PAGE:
Preview abstract We study the task of cross-database semantic parsing (XSP), where a system that maps natural language utterances to executable SQL queries is evaluated on databases unseen during training. Recently, several datasets, including Spider, were proposed to support development of XSP systems. We propose a challenging evaluation setup for cross-database semantic parsing, focusing on variation across database schemas and in-domain language use. We re-purpose eight semantic parsing datasets that have been well-studied in the setting where in-domain training data is available, and instead use them as additional evaluation data for XSP systems instead. We build a system that performs well on Spider, and find that it struggles to generalize to our re-purposed set. Our setup uncovers several generalization challenges for cross-database semantic parsing, demonstrating the need to use and develop diverse training and evaluation datasets. View details
    Retrieval Augmented Language Model Pre-Training
    Zora Tung
    Panupong Pasupat
    Ming-Wei Chang
    Proceedings of the 37th International Conference on Machine Learning (2020) (to appear)
    Preview abstract Language model pre-training has been shown to capture a surprising amount of world knowledge, crucial for NLP tasks such as question answering. However, this knowledge is stored implicitly in the parameters of a neural network, requiring ever-larger networks to cover more facts. To capture knowledge in a more modular and interpretable way, we augment language model pre-training with a latent knowledge retriever, which allows the model to retrieve and attend over documents from a large corpus such as Wikipedia, used during pre-training, fine-tuning and inference. For the first time, we show how to pre-train such a knowledge retriever in an unsupervised manner, using masked language modeling as the learning signal and backpropagating through a retrieval step that considers millions of documents. We demonstrate the effectiveness of Retrieval-Augmented Language Model pre-training (REALM) by fine-tuning on the challenging task of Open-domain Question Answering (Open-QA). We compare against state-of-the-art models for both explicit and implicit knowledge storage on three popular Open-QA benchmarks, and find that we outperform all previous methods by a significant margin (4-16% absolute accuracy), while also providing qualitative benefits such as interpretability and modularity. View details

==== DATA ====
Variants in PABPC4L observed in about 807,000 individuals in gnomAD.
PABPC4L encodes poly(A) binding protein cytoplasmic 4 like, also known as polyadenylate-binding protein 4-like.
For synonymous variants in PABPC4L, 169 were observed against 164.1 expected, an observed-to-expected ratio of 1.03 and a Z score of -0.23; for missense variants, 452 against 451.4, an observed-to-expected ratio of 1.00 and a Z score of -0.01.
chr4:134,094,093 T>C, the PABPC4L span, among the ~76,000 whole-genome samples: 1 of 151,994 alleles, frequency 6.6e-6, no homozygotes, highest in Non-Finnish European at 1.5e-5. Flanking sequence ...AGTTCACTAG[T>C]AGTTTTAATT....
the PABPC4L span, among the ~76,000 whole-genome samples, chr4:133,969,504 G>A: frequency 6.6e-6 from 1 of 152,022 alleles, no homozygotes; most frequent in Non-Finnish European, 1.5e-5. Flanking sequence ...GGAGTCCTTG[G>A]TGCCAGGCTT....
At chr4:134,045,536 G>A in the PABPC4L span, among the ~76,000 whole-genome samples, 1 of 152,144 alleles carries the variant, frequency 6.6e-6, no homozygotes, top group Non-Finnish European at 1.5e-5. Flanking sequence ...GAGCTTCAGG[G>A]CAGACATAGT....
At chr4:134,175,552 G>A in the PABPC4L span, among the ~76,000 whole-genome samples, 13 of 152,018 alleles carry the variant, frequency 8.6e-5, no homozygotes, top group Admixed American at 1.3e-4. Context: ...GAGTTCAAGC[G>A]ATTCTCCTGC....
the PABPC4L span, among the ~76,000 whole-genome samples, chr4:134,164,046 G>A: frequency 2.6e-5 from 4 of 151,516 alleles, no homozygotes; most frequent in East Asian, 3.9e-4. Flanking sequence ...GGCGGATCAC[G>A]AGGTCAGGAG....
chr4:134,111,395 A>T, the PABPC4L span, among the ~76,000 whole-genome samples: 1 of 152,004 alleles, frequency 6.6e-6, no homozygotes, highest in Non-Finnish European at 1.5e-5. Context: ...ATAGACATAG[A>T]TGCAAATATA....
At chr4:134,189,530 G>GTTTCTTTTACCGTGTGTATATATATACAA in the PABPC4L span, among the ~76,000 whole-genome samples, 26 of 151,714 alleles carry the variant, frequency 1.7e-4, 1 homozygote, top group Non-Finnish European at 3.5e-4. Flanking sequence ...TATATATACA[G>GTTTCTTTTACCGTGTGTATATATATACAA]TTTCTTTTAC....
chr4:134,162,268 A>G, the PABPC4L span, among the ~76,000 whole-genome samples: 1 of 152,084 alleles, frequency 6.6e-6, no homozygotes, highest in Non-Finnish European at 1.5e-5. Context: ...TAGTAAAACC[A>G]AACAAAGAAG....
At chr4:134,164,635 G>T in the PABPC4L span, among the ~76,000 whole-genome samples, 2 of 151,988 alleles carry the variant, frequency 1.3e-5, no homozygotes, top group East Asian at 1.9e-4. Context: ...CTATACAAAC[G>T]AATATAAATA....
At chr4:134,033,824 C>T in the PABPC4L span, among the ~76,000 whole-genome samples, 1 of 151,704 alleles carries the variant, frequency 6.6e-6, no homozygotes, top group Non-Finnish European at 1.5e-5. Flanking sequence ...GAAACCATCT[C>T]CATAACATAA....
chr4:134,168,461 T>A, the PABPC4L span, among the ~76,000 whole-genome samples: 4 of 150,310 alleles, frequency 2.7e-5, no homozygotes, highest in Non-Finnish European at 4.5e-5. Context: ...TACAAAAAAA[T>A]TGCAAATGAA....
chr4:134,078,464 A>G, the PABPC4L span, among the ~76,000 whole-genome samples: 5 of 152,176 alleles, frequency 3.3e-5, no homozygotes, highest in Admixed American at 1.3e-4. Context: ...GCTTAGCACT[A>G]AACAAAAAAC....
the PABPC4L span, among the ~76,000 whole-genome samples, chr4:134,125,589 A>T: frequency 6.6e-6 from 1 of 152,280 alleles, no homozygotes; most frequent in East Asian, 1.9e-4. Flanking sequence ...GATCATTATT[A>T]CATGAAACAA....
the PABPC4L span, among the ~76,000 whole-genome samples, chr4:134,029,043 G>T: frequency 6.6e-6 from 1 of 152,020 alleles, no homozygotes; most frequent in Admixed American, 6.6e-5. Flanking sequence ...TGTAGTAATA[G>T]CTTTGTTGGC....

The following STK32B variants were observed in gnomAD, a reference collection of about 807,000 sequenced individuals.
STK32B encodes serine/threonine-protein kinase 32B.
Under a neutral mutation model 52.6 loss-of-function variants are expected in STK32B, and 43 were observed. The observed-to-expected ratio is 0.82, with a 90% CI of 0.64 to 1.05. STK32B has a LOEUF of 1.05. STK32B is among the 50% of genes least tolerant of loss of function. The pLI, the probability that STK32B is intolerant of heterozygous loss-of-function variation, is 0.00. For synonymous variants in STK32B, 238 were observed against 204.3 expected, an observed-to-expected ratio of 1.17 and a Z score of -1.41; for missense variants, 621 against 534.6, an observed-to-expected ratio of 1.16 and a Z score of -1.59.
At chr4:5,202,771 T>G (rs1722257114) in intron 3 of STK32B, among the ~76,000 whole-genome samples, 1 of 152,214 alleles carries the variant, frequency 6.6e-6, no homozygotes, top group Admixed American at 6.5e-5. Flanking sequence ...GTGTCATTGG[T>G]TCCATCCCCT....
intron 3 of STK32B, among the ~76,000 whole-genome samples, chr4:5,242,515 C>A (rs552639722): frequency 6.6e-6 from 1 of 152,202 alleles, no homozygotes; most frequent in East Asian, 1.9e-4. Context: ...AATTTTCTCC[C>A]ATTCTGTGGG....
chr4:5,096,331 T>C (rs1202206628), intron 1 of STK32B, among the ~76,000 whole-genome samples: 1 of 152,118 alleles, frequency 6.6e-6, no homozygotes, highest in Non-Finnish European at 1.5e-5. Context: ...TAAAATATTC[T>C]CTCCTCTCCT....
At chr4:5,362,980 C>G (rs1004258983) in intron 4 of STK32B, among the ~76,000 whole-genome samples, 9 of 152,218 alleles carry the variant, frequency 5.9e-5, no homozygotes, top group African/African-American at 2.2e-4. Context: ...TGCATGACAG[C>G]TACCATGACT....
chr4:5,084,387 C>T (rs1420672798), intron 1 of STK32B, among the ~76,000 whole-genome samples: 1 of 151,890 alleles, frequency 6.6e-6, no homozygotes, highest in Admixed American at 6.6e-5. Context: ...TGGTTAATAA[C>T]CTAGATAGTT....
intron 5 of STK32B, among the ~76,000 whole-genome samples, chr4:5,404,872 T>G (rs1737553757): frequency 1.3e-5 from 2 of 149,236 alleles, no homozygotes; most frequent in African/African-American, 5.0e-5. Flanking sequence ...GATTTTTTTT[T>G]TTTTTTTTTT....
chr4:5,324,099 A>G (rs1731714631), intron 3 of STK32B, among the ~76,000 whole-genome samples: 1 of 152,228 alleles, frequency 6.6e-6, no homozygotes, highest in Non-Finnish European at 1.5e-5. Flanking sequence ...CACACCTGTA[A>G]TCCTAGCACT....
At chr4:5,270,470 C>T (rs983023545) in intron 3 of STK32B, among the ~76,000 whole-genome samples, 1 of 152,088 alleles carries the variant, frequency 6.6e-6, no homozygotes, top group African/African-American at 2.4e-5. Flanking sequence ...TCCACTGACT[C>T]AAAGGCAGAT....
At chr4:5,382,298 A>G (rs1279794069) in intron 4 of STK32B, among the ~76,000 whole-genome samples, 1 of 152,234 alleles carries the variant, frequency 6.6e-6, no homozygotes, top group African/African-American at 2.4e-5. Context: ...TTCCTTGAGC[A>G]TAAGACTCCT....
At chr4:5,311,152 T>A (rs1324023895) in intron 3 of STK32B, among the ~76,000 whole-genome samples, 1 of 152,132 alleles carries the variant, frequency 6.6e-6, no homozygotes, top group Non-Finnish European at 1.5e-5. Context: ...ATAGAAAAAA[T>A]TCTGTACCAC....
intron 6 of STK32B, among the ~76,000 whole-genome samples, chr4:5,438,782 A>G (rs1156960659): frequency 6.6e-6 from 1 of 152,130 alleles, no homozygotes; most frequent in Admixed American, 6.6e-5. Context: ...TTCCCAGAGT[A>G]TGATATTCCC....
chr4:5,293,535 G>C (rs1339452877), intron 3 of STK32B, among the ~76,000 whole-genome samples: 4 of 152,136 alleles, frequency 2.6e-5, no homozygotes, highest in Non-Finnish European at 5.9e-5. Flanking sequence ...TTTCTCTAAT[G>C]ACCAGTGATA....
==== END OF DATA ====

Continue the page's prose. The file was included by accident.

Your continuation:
Preview abstract In this paper we study yes/no questions that are naturally occurring---meaning that they are generated in unprompted and unconstrained settings. We build a reading comprehension dataset, BoolQ, of such questions, and show that they are unexpectedly challenging. They often query for complex, non-factoid information, and require difficult entailment-like inference to solve. We also explore the effectiveness of a range of transfer learning baselines. We find that transferring from entailment data is more effective than transferring from paraphrase or extractive QA data, and that it, surprisingly, continues to be very beneficial even when starting from massive pre-trained language models such as BERT. Our best method trains BERT on MultiNLI and then re-trains it on our train set. It achieves 80.4% accuracy compared to 90% accuracy of human annotators (and 62% majority-baseline), leaving a significant gap for future work. View details
    Natural Questions: a Benchmark for Question Answering Research
    Olivia Redfield
    Danielle Epstein
    Illia Polosukhin
    Matthew Kelcey
    Jacob Devlin
    Llion Jones
    Ming-Wei Chang
    Jakob Uszkoreit
    Transactions of the Association of Computational Linguistics (2019) (to appear)
    Preview abstract We present the Natural Questions corpus, a question answering dataset. Questions consist of real anonymized, aggregated queries issued to the Google search engine. An annotator is presented with a question along with a Wikipedia page from the top 5 search results, and annotates a long answer (typically a paragraph) and a short answer (one or more entities) if present on the page, or marks null if no long/short answer is present. The public release consists of 307,373 training examples with single annotations, 7,830 examples with 5-way annotations for development data, and a further 7,842 examples 5-way annotated sequestered as test data. We present experiments validating quality of the data. We also describe analysis of 25-way annotations on 302 examples, giving insights into human variability on the annotation task. We introduce robust metrics for the purposes of evaluating question answering systems; demonstrate high human upper bounds on these metrics; and establish baseline results using competitive methods drawn from related literature. View details